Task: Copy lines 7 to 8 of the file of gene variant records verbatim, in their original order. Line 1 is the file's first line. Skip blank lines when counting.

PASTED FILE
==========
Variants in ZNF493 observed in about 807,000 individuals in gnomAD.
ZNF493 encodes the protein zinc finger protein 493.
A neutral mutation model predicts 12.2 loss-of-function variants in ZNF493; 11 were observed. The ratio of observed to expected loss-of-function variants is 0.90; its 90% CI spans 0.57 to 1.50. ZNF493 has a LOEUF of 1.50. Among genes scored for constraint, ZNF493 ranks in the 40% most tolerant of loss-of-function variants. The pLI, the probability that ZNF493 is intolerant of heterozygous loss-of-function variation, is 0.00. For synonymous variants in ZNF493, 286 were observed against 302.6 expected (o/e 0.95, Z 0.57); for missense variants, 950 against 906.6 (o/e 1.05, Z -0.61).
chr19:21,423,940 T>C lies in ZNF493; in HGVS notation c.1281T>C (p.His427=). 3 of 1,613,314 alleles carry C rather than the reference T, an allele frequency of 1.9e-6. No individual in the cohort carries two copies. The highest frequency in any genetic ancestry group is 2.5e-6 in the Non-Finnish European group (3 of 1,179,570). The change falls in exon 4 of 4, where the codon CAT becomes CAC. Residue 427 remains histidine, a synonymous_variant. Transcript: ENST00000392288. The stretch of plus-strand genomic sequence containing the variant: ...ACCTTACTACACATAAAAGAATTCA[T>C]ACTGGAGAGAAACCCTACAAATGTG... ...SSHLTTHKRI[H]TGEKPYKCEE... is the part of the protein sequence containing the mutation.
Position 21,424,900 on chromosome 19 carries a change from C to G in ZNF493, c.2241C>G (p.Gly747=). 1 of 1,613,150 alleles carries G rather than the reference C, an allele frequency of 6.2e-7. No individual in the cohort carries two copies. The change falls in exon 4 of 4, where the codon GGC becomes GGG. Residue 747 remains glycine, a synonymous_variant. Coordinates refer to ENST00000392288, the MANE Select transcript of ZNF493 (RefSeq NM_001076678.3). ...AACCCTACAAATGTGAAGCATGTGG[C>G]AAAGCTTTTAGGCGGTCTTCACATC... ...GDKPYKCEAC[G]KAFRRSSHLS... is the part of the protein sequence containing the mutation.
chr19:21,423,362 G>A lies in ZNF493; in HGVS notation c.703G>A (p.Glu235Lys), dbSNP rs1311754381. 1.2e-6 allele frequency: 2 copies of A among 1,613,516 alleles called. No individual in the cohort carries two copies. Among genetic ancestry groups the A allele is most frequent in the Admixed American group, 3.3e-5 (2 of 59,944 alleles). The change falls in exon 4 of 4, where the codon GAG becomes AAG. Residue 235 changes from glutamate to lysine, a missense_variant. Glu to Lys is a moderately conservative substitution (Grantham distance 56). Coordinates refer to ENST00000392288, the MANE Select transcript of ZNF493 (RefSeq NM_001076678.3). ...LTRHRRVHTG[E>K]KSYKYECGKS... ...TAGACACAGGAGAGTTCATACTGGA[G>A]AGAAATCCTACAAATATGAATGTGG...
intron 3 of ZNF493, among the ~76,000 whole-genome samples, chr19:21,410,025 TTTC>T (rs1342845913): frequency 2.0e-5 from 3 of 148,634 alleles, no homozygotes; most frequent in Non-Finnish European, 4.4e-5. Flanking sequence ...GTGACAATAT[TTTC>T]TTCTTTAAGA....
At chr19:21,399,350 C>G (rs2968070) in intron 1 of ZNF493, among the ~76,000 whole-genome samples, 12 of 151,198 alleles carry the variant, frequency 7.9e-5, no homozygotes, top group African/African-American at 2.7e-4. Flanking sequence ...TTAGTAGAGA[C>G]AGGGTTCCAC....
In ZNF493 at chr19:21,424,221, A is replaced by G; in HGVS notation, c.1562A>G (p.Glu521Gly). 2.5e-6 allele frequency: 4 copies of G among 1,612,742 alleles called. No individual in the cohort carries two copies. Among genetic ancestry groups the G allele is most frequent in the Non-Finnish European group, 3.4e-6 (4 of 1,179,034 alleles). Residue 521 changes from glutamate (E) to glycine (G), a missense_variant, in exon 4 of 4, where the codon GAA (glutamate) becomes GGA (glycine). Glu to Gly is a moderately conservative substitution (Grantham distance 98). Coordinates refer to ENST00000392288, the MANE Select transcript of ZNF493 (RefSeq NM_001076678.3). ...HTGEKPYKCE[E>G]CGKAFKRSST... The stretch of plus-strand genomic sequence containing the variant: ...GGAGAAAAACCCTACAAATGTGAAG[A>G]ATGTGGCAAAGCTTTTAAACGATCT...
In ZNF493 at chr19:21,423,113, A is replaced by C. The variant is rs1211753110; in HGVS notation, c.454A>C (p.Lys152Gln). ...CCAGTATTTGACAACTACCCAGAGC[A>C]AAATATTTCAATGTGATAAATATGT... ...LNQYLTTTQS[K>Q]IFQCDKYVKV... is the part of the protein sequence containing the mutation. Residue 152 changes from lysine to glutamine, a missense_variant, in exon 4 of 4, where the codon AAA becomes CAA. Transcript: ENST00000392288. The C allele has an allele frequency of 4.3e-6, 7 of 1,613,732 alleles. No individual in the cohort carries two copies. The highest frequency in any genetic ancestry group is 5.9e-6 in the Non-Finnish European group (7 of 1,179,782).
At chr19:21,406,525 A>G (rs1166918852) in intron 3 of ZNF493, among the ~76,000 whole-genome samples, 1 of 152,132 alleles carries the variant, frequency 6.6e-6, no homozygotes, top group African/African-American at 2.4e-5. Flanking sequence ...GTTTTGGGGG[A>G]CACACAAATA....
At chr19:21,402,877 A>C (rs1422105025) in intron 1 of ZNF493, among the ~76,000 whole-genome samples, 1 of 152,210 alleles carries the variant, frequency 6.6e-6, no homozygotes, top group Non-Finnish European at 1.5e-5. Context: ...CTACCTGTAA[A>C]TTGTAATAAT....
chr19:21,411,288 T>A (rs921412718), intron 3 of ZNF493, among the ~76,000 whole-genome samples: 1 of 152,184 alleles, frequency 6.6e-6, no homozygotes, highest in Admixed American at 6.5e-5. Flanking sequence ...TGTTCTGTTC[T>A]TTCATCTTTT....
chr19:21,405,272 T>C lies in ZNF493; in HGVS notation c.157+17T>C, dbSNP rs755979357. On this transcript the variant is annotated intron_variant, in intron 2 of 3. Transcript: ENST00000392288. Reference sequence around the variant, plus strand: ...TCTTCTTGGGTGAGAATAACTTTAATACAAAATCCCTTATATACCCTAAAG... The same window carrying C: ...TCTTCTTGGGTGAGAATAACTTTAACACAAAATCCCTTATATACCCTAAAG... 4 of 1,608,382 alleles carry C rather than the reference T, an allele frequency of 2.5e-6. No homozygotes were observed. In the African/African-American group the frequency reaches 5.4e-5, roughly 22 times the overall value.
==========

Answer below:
intron 3 of ZNF493, among the ~76,000 whole-genome samples, chr19:21,410,025 TTTC>T (rs1342845913): frequency 2.0e-5 from 3 of 148,634 alleles, no homozygotes; most frequent in Non-Finnish European, 4.4e-5. Flanking sequence ...GTGACAATAT[TTTC>T]TTCTTTAAGA....
At chr19:21,399,350 C>G (rs2968070) in intron 1 of ZNF493, among the ~76,000 whole-genome samples, 12 of 151,198 alleles carry the variant, frequency 7.9e-5, no homozygotes, top group African/African-American at 2.7e-4. Flanking sequence ...TTAGTAGAGA[C>G]AGGGTTCCAC....